Likewise, if the farmer is “liable” – that is if the rule is that he bears the costs — he will make his own judgment based on his own opportunity costs and the harms he would incur.  If the value to him is high enough (it would have to be much higher than in our hypothetical) he would even pay the railroad not to run its trains.   But either way, the legal rule is irrelevant – Coase says we should expect the parties to negotiate and whichever one of the two would create the greatest positive net economic value would be the one to actually proceed with their economic activity while compensating the other party for their forgone opportunities.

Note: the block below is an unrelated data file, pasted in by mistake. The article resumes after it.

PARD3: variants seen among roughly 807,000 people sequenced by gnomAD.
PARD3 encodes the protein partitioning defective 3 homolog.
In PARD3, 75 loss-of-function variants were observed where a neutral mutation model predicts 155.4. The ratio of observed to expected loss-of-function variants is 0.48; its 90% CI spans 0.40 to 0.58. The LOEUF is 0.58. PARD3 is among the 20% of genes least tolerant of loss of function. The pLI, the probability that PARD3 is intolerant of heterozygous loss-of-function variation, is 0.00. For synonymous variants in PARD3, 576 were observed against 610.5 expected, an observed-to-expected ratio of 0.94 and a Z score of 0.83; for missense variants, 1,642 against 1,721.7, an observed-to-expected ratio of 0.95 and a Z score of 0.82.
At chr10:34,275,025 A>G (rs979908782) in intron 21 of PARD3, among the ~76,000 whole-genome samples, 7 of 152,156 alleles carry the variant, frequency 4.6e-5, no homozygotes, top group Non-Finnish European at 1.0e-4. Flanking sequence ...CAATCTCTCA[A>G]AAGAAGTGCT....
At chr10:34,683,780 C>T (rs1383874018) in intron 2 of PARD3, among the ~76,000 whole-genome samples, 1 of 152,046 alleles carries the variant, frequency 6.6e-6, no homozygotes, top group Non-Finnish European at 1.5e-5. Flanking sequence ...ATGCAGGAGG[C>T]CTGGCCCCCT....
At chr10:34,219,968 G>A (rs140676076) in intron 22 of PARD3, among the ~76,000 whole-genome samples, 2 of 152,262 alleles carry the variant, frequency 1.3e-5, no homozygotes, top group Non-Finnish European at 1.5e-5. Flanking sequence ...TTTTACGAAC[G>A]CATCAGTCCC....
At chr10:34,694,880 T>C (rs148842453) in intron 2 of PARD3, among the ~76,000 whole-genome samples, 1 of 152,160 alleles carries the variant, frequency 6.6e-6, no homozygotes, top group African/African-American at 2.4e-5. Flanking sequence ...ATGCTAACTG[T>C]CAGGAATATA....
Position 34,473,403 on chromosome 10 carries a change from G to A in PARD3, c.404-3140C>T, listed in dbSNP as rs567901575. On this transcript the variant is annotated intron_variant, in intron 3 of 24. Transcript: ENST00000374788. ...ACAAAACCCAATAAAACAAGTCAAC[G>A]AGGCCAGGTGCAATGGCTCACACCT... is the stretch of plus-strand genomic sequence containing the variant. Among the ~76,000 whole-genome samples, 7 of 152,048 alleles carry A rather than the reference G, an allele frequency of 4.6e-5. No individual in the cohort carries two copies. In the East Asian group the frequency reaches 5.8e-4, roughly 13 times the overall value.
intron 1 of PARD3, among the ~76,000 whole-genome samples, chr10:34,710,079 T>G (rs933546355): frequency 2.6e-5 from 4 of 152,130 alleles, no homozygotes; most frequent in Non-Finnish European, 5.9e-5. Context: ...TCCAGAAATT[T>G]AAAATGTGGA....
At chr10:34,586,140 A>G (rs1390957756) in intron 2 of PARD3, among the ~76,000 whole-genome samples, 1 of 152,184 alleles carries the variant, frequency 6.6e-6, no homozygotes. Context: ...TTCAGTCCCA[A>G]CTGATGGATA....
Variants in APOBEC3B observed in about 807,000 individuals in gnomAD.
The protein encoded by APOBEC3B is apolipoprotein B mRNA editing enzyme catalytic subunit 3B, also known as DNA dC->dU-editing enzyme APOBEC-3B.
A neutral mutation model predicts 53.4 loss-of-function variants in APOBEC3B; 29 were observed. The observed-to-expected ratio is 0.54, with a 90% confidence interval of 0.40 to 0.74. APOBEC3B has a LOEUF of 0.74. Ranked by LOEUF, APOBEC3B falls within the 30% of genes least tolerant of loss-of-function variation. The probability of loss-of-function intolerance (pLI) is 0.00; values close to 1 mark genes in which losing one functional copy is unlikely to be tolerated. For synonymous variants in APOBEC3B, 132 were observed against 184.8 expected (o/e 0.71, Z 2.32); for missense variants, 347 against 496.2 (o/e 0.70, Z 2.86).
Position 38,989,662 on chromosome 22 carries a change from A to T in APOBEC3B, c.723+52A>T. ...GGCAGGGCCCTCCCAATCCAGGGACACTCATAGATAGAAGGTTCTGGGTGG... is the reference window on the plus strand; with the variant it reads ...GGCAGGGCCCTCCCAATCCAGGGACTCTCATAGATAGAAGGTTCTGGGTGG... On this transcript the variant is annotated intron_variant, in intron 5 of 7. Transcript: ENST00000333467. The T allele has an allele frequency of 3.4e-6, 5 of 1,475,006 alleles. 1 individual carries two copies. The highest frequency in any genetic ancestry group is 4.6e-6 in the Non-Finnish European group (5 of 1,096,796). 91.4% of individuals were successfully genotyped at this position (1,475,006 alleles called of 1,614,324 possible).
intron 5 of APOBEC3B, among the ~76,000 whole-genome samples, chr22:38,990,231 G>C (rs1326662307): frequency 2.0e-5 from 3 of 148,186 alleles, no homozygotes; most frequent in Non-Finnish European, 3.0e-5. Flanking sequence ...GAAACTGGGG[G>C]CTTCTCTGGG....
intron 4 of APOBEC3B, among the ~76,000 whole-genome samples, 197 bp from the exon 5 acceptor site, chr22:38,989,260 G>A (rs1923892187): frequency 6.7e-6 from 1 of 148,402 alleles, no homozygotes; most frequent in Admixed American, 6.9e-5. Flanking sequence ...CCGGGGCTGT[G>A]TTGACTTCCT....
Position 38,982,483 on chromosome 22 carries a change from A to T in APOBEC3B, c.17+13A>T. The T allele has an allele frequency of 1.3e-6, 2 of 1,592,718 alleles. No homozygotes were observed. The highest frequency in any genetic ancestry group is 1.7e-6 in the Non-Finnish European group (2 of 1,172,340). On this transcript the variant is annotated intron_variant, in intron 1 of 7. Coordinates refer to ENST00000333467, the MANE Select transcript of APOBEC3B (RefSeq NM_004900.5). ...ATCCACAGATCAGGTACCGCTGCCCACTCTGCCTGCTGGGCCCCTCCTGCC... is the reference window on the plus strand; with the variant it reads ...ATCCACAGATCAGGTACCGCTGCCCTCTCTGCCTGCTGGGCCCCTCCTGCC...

But here’s the problem — we don’t live in a world without transaction costs.  To the contrary, we know that adjudicating liability or negotiating exchanges of value actually takes time and costs money itself.  We know that information asymmetries sometimes give some actors more or better information than others.  And we know that sometimes some of the actors face a collective action problem – think of all the farmers along the railroad.  Taken individually, they may be less disadvantaged by the railroad’s passage but collectively their economic value might be greater – and they have a huge problem getting together and coordinating their joint response to the railroad.